The healing art of transformation

Artist Karla Dickens

A Wiradjuri woman born in southern Sydney, Karla Dickens is now based on the North Coast and has been a practicing artist for more than 20 years. She trained at the National Art School in Sydney and has been driven to create art since she was a child. Prolific and hard working, Dickens is increasingly in demand for group and solo exhibitions. And her work features in the collections of many regional and national galleries.

Parliament of NSW, Aboriginal Art Prize, 2013

Dickens recycles found and discarded materials fossicked from rubbish tips to create her collage-based works and her three-dimensional sculptures. Old cages, pieces of fabric, leather, plastic, feathers, wire masks, dog muzzles, scrap metal and bone are already steeped in history and emotions associated with their former use and existence. Dickens gives them new life, transforming colonial waste and surplus into Aboriginal creations of unsettling beauty that reflect on and challenge our accepted understandings of Australia’s history, both past and present.

Dickens acknowledges the healing capacity of art.

“My art is such a big part of my life and I’ve seen so many people actually heal when they have some way to express themselves.”

Initially the work she makes is for her own healing but she admits that she’s heard it has this effect upon others in the community.

“I don’t try to speak about other people’s pain.”

Working across a wide array of media, her art is an expression of deep personal experience, in sexuality, motherhood, the strength and resilience of black women, a complex spirituality, and her need to ask questions and speak about contemporary Aboriginality in Australia, with a desire for change.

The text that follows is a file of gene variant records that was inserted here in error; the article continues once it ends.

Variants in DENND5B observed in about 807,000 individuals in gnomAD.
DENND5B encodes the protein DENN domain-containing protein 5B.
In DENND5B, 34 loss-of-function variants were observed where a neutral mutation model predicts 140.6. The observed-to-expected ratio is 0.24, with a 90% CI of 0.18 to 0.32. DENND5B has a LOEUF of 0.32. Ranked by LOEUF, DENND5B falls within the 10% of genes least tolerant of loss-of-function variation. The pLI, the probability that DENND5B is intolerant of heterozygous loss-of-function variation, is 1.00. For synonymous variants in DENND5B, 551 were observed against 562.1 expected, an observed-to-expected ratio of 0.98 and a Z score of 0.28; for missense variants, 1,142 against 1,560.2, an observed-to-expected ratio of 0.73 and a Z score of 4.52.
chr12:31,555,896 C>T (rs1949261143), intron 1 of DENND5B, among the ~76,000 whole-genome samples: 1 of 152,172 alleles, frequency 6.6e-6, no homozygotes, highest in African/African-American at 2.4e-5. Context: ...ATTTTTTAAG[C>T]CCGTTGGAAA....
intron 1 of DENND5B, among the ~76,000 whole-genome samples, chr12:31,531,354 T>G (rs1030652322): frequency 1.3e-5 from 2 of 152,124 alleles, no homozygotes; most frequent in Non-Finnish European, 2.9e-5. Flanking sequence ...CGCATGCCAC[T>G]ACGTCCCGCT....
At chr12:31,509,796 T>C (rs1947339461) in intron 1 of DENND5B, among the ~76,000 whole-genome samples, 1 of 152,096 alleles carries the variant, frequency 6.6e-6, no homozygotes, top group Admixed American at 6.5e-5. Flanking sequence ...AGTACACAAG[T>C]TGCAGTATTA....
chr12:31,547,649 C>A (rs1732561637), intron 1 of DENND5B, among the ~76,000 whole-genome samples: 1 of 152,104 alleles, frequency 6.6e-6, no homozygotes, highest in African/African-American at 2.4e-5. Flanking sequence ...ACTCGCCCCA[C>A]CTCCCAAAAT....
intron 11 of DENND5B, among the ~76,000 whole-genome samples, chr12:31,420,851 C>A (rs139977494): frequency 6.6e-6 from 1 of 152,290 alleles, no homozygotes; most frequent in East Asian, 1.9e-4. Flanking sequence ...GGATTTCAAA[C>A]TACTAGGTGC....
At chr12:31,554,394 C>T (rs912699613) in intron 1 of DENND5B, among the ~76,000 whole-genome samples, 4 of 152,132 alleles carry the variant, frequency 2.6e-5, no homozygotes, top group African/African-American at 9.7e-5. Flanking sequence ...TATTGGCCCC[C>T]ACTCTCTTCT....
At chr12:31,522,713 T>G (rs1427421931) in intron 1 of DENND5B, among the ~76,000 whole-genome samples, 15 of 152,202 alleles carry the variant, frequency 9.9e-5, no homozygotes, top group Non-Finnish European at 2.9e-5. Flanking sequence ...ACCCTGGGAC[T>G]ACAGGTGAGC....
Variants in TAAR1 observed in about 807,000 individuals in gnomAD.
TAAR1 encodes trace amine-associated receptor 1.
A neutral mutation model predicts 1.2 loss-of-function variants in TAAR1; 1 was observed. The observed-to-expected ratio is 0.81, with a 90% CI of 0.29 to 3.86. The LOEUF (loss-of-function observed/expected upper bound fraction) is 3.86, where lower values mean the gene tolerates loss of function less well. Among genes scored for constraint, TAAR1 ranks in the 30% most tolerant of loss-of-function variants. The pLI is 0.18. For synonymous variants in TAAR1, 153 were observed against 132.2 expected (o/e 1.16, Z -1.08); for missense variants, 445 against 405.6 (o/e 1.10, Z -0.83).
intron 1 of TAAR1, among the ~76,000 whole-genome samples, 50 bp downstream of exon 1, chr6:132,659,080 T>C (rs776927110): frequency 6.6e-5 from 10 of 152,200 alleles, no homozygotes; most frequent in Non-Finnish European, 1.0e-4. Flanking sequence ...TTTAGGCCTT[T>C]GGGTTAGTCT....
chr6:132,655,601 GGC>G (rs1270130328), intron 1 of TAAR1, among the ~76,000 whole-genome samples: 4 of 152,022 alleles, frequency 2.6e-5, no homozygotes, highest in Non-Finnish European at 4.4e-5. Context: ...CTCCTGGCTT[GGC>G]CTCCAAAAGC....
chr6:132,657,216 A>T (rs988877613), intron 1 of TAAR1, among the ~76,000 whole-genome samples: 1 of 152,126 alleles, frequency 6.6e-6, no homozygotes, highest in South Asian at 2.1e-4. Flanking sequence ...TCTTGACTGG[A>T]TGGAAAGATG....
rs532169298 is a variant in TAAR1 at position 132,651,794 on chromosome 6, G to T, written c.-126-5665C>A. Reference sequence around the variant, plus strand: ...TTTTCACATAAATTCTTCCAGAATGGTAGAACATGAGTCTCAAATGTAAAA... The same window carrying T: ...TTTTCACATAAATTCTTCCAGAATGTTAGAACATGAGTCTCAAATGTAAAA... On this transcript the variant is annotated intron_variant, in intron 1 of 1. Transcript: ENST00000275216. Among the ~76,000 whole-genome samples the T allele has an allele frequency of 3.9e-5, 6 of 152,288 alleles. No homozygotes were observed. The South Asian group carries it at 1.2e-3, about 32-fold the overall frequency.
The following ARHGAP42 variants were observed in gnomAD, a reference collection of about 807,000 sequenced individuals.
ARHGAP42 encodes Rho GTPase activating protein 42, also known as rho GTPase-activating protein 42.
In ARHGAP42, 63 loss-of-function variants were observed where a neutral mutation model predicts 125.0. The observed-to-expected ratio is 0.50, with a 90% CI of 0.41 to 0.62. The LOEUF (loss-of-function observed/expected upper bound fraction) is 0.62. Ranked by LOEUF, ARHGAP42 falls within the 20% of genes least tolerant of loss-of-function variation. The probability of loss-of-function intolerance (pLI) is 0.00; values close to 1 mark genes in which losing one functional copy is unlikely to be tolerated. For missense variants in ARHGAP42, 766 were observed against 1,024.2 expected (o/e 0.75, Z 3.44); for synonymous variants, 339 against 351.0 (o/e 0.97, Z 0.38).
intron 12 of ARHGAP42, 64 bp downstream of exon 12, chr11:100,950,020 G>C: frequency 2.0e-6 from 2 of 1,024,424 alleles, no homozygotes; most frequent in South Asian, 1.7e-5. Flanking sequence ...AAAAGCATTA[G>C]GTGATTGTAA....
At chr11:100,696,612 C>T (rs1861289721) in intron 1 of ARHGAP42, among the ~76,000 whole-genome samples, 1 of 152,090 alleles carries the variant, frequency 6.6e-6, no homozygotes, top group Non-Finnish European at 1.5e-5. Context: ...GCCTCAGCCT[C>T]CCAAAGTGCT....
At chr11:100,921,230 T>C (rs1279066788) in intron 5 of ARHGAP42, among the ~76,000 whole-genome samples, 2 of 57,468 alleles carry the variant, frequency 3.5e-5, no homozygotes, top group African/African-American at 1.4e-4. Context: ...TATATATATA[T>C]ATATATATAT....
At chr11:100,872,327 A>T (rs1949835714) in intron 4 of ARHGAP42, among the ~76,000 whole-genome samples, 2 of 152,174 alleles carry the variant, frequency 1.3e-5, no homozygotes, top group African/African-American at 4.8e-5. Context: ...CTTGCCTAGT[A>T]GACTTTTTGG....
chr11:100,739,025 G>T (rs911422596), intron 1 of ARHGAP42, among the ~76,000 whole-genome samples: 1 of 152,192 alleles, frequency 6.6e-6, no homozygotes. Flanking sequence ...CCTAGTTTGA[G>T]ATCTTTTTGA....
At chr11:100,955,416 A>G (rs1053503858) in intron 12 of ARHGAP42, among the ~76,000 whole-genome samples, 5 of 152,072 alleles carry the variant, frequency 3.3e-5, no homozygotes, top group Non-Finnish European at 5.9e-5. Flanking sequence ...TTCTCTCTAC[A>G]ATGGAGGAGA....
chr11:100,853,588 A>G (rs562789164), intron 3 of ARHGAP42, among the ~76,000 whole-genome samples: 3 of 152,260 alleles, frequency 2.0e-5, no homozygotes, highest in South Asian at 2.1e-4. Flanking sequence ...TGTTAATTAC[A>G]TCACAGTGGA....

Things are never as they first appear in Dickens’ creations when the mix of objects, patterns and decoration captivate. On further contemplation one becomes aware of her sharp wit and a subtle and persistent statement that things cannot remain the same. Healing demands that things change. Healing and art both require processes of transformation.

The majority of Australia celebrates 26 January… I cringe… and respectfully hold my grief

Karla Dickens’ “January 26, Day of Mourning” was the winner of the 2013 Parliament of NSW Aboriginal Art Prize. Embroidering a tattered old Australian flag with Aboriginal symbols and embellishing the Union Jack with lace rosettes that resemble a wreath, Dickens makes a powerful statement about grief.

“The majority of Australia celebrates 26 January… I cringe … and respectfully hold my grief – the grief for the old, grief for the continuous denial, grief for the disrespect, grief for the lack of acknowledgement and the poor choice of the day to celebrate. After finding the flag at the tip, I went about hand sewing my grief, with one cross after another. Unfortunately, it’s only a small gesture to reflect the true loss.”

The application of embroidery and lace to an overtly nationalistic and masculine symbol has an effect that is softening, and feminine. When the work was accused of being provocative, Matt Poll, one of the prize’s judges said, ‘’I think provocative is too strong a word. I think it’s about embroidery and the feminist practice of making things your own.’’

Once again, in seeking her own healing through art, Karla Dickens has created a beautiful and subversive work that urges all of us to think about how we might heal ourselves, and this nation.

Karla Dickens is represented by Andrew Barker Art Gallery Brisbane, and her work can be viewed online at:

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